I heard a preacher on television the other day say that he was frustrated and angered by the fact that we have 12 million unemployed--and that this was not only uneconomic but immoral. I agree, and there are very definite measures that can be taken and should be taken now, so that education and training may supplant idleness.
Unemployment compensation is the first consideration. Today it covers less than half of the number of unemployed. The remainder have used up their unemployment benefits or are not eligible for unemployment compensation. In the decade of the '70s, I handled the unemployment compensation bills on the floor of the U.S. Senate as a senator from New York and the ranking Republican member of the Senate Labor Committee.
It was a fundamental tenet of the legislation at that time that we should keep people off the welfare rolls as a matter of morale and dignity for the individual. This is the way it should continue to be, and the 65-week limit which we then established should continue today. This would require an extension of the federal aspect of unemployment compensation accordingly.
But the problem of idleness is the other side of this coin. For I remember the deep poignancy and the regret I felt in handling these unemployment compensation bills (which generally had a price tag of $20 billion per annum) and realized that they were going to pay for idleness while seeking "suitable employment" that was not there to be found, rather than to consolidate and upgrade the education and skills of the unemployed worker who was unemployed because of economic conditions and through no fault of his own.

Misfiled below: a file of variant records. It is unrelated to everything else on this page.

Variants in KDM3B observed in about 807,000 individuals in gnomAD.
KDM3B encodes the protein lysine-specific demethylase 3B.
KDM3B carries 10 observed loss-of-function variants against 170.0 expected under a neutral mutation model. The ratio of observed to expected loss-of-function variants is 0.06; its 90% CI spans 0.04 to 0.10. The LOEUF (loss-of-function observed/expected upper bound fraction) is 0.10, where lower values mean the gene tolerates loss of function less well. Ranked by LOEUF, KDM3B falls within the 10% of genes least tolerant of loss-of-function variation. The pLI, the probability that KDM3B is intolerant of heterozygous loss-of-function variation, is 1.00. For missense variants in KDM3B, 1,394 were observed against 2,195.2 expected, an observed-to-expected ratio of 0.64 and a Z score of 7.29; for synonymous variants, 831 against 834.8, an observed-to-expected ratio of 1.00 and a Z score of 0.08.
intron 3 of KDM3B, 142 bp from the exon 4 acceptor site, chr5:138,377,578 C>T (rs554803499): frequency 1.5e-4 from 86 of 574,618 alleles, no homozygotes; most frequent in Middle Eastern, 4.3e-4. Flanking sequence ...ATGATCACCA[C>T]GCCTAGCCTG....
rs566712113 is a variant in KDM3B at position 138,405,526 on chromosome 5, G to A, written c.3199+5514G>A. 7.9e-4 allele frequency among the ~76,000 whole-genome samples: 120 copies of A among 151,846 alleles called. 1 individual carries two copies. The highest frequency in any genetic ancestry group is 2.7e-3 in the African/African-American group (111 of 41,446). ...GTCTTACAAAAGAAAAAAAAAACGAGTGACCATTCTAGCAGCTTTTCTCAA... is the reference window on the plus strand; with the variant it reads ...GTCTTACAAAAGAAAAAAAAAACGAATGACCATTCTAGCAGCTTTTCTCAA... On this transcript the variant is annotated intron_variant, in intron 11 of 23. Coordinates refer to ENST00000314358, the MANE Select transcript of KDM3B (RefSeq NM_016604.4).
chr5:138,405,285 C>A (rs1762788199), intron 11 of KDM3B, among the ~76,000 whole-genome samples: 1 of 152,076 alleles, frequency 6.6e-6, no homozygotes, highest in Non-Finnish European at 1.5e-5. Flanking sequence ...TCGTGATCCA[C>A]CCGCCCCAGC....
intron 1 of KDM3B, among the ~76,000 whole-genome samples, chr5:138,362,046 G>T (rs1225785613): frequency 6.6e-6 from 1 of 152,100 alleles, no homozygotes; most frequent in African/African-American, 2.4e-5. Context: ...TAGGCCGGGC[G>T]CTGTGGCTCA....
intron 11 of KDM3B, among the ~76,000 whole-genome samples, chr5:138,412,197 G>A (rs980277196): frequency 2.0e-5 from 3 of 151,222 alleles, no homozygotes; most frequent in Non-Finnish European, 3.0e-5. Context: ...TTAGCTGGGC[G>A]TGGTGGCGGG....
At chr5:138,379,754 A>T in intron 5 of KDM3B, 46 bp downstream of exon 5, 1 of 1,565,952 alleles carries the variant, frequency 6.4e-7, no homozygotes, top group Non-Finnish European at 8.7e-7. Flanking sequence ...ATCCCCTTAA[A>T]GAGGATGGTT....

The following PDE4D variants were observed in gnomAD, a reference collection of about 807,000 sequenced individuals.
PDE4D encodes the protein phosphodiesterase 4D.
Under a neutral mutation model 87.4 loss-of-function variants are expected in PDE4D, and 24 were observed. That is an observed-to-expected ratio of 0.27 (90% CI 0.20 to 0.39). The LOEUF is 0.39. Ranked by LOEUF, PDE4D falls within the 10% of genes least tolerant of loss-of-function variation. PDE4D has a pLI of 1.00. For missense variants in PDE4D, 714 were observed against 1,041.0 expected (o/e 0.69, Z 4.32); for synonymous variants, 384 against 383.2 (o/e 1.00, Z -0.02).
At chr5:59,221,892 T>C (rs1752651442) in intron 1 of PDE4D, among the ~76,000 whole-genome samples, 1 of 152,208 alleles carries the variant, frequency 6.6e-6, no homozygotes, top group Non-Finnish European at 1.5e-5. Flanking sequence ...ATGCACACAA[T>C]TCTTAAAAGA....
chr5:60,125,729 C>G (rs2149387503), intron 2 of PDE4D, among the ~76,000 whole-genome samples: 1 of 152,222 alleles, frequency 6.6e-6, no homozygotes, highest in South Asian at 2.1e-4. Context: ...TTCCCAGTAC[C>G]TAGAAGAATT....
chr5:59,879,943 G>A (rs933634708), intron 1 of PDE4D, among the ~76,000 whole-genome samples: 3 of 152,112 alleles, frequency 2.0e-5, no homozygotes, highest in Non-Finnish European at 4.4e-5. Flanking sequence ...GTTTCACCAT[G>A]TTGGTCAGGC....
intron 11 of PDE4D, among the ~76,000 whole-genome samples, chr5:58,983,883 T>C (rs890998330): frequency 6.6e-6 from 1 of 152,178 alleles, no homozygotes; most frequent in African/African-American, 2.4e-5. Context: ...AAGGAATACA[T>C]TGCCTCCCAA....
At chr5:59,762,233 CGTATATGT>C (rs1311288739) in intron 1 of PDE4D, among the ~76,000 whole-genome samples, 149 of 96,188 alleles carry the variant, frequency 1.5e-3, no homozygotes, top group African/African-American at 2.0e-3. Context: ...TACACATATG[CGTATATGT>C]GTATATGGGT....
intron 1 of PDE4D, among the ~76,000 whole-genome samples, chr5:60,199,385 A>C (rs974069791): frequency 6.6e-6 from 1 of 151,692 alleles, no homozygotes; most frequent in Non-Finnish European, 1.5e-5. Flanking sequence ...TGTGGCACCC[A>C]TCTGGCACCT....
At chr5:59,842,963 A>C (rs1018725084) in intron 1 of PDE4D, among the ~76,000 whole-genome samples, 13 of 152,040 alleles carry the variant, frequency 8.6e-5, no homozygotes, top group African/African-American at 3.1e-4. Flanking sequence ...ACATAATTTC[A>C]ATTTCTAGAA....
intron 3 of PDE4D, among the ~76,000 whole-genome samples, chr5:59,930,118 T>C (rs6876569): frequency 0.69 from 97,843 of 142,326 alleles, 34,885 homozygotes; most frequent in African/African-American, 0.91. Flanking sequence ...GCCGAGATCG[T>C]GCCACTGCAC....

It is hard to realize in the United States of 1983 that 20 percent of Americans are unable to read, write or calculate at a high enough level to get and hold a job in the contemporary market and are, in effect, functionally illiterate.
It is hard to realize that some 50 million American adults have not had an education beyond the primary school level and have neither a high school diploma nor the equivalent of three years of high school education.
Similarly, it is hard to realize the extent of worker displacement in autos and steel, where the United States has fallen behind in the world competition. Hundreds of thousands of workers who may never be employed again in these critical smokestack industries must be retrained or have their skills upgraded. It is estimated that even when economic recovery comes on stream, at least 8 million people will remain out of work later in this decade of the '80s, half of whom could find work with modernized skills.
I believe, therefore, that a top priority effort for the unemployed at the government level should be an amendment to the Unemployment Compensation Law requiring the worker not only to seek "suitable employment" but also to seek "suitable upgrading of education and of skills." In order to enable such a requirement to be practical, it will be essential to see that facilities for adult education and training are available. The administration believes this can come from the private enterprise system alone, but I believe that to be effective, a joint effort with government is vital.